Fed Policy Under Graphs

I don’t want to spend a lot of time on the Fed.  I do want to shine a light on their lack of forecasting abilities.  You have to understand, they are cheerleaders for the US economy, and usually (though not now) defenders of fiscal policy.

The following figures are based off my weighted average estimates taken from the Fed’s guidance.

Let’s start with their forecasts of GDP growth.

Fed

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Yes, the unemployment rate has come down, but much of it it due to discouraged workers. Also, younger people are having a hard time finding work, while oldsters are having to work to survive.

Now let’s look at the hyper-optimistic PCE deflator:

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Inflation has been falling as the PCE measures it, and CPI also.  Asset inflation has taken the place of goods and services price inflation.  Eventually, that will switch, when the relative need to consume rises, as it did in the ’70s.

Now let’s look at the expectations for the Fed Funds rate:

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Fed funds continually moves down over time. The Fed overestimates when they will tighten, because the economy is far weaker than they expected (go back to graph 1). The final graph confirms this:

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Thus the futility of the Fed. After almost two years of giving guidance, they are no closer to tightening than when they started.  Tightening is 27 months away, if their estimates are right, same as they thought in January 2012.  Tightening seemed further away when more aggressive QE was introduced, but that quickly abated, like a drug addict adjusting to higher doses.

Lousy Forecasters

The Fed’s ability to forecast, since it began communicating more under Greenspan, has never been good.  They are always too optimistic, and assume the powers of monetary policy are high, when they are low.  This applies double to abnormal policy like QE.

Perhaps the Fed could do us a favor.  Stop the shenanigans, and let the yield curve get a normal slope between 2- and 10-year Treasuries, around 1%.  Also end QE.  Then tell Congress that the ball is in their court, and the Fed won’t do any more “stimulus.”  Then Congress would have to face their own shortcomings, and decide if they are Keynesians or Austrians, and act.  Congress dallies because the Fed acts.  Voters can punish Congress; they can’t punish the Fed, much as it deserves it.  If we need a recession to clear away bad debt, so that we can grow again, let’s have it, and stop the asset inflation that the Fed engenders.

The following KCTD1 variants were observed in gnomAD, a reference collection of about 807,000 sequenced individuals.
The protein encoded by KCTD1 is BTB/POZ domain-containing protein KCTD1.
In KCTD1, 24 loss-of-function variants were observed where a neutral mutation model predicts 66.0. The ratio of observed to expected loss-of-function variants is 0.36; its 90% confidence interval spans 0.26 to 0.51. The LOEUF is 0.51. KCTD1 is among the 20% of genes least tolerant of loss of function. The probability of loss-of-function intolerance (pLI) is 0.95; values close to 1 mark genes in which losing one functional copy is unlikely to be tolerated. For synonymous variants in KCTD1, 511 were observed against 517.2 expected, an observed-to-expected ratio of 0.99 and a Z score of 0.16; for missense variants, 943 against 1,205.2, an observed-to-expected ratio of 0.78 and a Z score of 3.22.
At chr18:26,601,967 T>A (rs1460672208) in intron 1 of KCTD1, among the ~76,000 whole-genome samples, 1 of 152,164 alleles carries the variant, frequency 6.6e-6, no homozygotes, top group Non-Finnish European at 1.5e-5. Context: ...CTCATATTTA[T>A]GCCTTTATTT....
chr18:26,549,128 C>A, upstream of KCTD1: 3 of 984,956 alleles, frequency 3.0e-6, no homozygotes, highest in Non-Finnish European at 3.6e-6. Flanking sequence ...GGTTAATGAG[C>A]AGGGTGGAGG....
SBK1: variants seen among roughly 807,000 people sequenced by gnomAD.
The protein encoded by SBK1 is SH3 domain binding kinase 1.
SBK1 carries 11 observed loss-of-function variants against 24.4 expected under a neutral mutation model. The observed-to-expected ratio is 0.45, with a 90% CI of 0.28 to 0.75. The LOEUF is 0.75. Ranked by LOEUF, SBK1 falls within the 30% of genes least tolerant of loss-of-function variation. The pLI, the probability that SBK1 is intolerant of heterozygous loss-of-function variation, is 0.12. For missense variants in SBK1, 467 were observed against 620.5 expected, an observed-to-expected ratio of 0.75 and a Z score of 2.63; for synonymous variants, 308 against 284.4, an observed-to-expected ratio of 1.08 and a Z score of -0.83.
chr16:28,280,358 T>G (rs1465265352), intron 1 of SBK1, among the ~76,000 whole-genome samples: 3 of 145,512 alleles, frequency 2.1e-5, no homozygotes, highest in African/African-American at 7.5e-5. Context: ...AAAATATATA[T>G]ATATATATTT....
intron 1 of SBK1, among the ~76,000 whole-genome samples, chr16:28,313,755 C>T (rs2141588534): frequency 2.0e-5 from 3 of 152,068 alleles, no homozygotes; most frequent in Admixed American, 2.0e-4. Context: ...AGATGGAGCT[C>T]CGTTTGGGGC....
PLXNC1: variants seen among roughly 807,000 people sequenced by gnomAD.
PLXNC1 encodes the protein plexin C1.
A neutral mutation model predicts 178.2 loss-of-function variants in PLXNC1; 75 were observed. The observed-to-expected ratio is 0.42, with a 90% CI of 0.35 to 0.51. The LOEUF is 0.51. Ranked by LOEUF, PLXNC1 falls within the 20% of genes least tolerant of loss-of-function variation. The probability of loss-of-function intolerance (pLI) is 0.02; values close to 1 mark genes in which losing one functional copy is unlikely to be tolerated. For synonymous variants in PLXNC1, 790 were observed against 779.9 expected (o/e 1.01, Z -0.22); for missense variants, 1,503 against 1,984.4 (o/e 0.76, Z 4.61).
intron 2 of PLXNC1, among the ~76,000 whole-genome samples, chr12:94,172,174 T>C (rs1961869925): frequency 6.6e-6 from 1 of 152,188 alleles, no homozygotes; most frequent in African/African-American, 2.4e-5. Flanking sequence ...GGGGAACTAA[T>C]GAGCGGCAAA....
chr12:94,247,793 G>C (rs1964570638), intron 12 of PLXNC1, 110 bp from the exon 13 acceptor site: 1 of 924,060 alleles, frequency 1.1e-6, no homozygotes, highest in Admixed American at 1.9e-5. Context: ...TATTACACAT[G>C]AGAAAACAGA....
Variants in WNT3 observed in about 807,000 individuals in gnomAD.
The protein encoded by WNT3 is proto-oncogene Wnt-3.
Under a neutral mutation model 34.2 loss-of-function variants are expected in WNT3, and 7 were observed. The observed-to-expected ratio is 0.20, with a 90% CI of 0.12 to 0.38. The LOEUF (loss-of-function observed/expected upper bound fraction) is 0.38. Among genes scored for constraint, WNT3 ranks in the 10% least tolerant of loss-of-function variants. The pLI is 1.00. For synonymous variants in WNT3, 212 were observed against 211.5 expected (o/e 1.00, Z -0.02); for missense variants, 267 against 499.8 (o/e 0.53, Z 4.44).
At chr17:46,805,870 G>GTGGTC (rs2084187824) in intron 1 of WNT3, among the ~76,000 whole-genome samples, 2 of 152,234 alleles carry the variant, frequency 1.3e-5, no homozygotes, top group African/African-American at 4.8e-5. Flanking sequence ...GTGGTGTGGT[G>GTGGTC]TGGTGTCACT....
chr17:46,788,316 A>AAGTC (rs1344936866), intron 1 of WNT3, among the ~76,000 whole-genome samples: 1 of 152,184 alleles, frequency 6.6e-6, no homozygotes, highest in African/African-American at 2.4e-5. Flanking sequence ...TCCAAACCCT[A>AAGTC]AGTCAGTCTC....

As it is, I don’t think QE is doing much good at all for the US, unless monetizing the debt is something good, which historically leads to high inflation.

By David Merkel, CFA of alephblog.com



About the Author

David Merkel
David J. Merkel, CFA, FSA — 2010-present, I am working on setting up my own equity asset management shop, tentatively called Aleph Investments. It is possible that I might do a joint venture with someone else if we can do more together than separately. From 2008-2010, I was the Chief Economist and Director of Research of Finacorp Securities. I did a many things for Finacorp, mainly research and analysis on a wide variety of fixed income and equity securities, and trading strategies. Until 2007, I was a senior investment analyst at Hovde Capital, responsible for analysis and valuation of investment opportunities for the FIP funds, particularly of companies in the insurance industry. I also managed the internal profit sharing and charitable endowment monies of the firm. From 2003-2007, I was a leading commentator at the investment website RealMoney.com. Back in 2003, after several years of correspondence, James Cramer invited me to write for the site, and I wrote for RealMoney on equity and bond portfolio management, macroeconomics, derivatives, quantitative strategies, insurance issues, corporate governance, etc. My specialty is looking at the interlinkages in the markets in order to understand individual markets better. I no longer contribute to RealMoney; I scaled it back because my work duties have gotten larger, and I began this blog to develop a distinct voice with a wider distribution. After three-plus year of operation, I believe I have achieved that. Prior to joining Hovde in 2003, I managed corporate bonds for Dwight Asset Management. In 1998, I joined the Mount Washington Investment Group as the Mortgage Bond and Asset Liability manager after working with Provident Mutual, AIG and Pacific Standard Life. My background as a life actuary has given me a different perspective on investing. How do you earn money without taking undue risk? How do you convey ideas about investing while showing a proper level of uncertainty on the likelihood of success? How do the various markets fit together, telling us us a broader story than any single piece? These are the themes that I will deal with in this blog. I hold bachelor’s and master’s degrees from Johns Hopkins University. In my spare time, I take care of our eight children with my wonderful wife Ruth.